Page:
Analía Lavin on 18 Dec 2013
While the internet empowers women living with HIV/AIDS by providing information about their right to privacy, internet rights in Indonesia are being threatened by government practices of blocking and filtering content. During the last Internet Governance Forum that took place in October 2013 in Bali, APC talked to Indonesian activist Kamilia Manaf about the challenges that sexual rights and internet rights are facing in the country, as well as the impact that an international event like the IGF has in their advocacy work.
Menaka Rao on 18 Dec 2013
This is the fourth in a series of posts reporting on the day-long “Connect Your Rights!” meeting held in Mumbai in November 2013. The meeting explored topics such as tools to combat violence against women, pornography, sexuality, and freedoms and risks in the online world.
Legal restrictions on content are not helpful - Discussions around feminism, sexuality, technology and violence
Melissa Hope Ditmore on 18 Dec 2013
APC’s Women’s Rights Programme convened a meeting on feminism, sexuality, technology and violence at Rutgers University Center for the Study of Genocide and Human Rights in the United States in November. The three-day meeting ranged from setting out definitions to practical concerns and future collaboration. The meeting grew out of the Exploratory Research Online (EROTICS) undertaken in 2008 with research projects in five countries. Phase 2 of this project included a survey of sexual rights activists about their online experiences. Many were impressed to hear that 98% of sexuality rights activists who completed the survey said that the internet was critical to their work. However, over half reported receiving threats online and 27% said that they had stopped some of their work online in response. This demonstrates a truly chilling effect and the need for sexuality rights activists to understand how to protect themselves and their organizations online.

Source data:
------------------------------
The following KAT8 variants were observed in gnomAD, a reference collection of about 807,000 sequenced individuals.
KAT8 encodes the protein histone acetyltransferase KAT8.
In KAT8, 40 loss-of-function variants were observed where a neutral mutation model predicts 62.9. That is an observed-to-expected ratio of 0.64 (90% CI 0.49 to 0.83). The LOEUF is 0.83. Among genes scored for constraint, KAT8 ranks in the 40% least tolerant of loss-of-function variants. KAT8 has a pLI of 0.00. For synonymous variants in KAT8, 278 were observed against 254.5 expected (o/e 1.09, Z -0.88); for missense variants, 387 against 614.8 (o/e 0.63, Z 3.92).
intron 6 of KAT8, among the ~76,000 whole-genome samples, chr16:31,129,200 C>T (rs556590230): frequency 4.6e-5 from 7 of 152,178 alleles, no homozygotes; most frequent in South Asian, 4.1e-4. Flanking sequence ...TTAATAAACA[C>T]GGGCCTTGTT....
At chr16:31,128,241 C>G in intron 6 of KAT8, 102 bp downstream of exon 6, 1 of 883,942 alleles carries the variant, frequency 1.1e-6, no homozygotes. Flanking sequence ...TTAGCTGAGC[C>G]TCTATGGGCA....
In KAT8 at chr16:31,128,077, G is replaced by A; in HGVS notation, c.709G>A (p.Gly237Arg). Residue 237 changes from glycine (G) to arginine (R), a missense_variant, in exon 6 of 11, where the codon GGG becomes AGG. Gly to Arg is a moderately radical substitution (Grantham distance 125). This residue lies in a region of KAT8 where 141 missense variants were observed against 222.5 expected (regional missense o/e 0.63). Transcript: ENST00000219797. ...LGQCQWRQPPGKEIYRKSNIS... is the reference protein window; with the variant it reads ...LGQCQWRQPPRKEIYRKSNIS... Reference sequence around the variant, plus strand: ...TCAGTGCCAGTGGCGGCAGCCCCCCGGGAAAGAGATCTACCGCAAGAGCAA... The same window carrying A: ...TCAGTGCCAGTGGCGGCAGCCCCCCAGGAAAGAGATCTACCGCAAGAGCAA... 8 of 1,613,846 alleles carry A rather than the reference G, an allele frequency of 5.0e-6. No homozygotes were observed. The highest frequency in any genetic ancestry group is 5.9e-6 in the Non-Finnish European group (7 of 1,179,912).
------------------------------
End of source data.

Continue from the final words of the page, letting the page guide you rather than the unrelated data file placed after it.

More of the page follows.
Richa Kaul Padte on 9 Dec 2013
If you’re looking for porn where a scream of pleasure is actually pleasurable, you’ve come to the right place.
Menaka Rao on 29 Nov 2013
This is the second in a series of posts reporting on the day-long “Connect Your Rights!” meeting held in Mumbai in November 2013. The meeting explored topics such as tools to combat violence against women, pornography, sexuality, and freedoms and risks in the online world.
Flavia Fascendini on 29 Nov 2013
Nora Quebral (2012) - who is credited with coming up with the concept of 'development communication' in the early 70s - argued recently in an account of Asian domestic workers in the Middle East, and the right-to-drive protest by women in Saudi Arabia, that any analysis of rights is necessarily deeply contextual: “A tough question to answer would be: in which [of these two societies] do women have more equal rights to communicate and to develop?” (p63) While a universal rights-based discourse considers those rights inalienable, Quebral's point is that it difficult to analyse the extent that to which those rights are realised, and in doing so to build easy comparisons between different contexts.
on 27 Nov 2013
This is the first in a series of posts reporting on the day-long “Connect Your Rights!” meeting held in Mumbai in November 2013. The meeting explored topics such as tools to combat violence against women, pornography, sexuality, and freedoms and risks in the online world.